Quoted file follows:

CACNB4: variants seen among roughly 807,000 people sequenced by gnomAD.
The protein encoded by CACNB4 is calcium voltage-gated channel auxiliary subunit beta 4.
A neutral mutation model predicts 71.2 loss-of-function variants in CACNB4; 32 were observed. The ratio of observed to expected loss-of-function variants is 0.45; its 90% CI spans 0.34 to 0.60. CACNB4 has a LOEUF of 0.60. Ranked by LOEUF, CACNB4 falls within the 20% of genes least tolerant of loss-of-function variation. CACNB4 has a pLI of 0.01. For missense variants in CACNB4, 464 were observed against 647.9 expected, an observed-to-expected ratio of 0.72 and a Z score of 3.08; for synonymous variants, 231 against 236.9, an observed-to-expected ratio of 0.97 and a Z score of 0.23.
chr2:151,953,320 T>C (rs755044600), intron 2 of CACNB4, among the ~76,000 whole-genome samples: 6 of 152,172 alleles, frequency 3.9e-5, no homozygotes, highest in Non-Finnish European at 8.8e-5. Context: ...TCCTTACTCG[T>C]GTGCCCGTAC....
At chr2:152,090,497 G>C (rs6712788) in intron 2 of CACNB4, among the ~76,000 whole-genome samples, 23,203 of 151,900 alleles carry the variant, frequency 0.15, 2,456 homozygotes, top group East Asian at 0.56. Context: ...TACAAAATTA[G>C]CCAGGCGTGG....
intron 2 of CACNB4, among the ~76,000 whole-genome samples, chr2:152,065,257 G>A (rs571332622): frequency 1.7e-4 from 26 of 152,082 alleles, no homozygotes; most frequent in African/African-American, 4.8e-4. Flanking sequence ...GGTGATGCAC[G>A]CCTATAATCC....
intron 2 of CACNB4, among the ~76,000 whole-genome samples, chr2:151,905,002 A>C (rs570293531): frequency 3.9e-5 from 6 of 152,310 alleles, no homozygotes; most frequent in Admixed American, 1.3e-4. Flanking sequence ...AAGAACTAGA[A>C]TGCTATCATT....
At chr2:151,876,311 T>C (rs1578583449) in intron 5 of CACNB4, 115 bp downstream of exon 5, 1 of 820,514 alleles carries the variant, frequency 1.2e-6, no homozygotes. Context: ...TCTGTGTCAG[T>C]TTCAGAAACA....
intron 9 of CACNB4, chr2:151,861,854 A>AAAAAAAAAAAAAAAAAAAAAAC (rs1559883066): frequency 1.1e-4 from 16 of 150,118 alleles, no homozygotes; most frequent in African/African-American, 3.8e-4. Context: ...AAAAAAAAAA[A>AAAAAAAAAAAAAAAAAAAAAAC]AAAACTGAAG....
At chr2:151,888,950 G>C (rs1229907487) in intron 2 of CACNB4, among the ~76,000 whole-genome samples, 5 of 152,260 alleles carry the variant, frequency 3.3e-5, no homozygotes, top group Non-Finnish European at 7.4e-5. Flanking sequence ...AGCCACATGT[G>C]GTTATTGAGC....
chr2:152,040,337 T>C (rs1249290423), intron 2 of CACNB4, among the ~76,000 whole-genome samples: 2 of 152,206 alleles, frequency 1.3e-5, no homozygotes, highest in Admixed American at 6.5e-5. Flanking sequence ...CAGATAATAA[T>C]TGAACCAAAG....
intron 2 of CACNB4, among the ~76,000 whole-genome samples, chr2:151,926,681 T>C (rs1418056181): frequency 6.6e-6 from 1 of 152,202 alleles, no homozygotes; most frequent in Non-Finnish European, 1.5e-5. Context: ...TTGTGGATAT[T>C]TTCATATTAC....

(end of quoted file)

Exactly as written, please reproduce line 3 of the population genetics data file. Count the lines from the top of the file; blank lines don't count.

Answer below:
A neutral mutation model predicts 71.2 loss-of-function variants in CACNB4; 32 were observed. The ratio of observed to expected loss-of-function variants is 0.45; its 90% CI spans 0.34 to 0.60. CACNB4 has a LOEUF of 0.60. Ranked by LOEUF, CACNB4 falls within the 20% of genes least tolerant of loss-of-function variation. CACNB4 has a pLI of 0.01. For missense variants in CACNB4, 464 were observed against 647.9 expected, an observed-to-expected ratio of 0.72 and a Z score of 3.08; for synonymous variants, 231 against 236.9, an observed-to-expected ratio of 0.97 and a Z score of 0.23.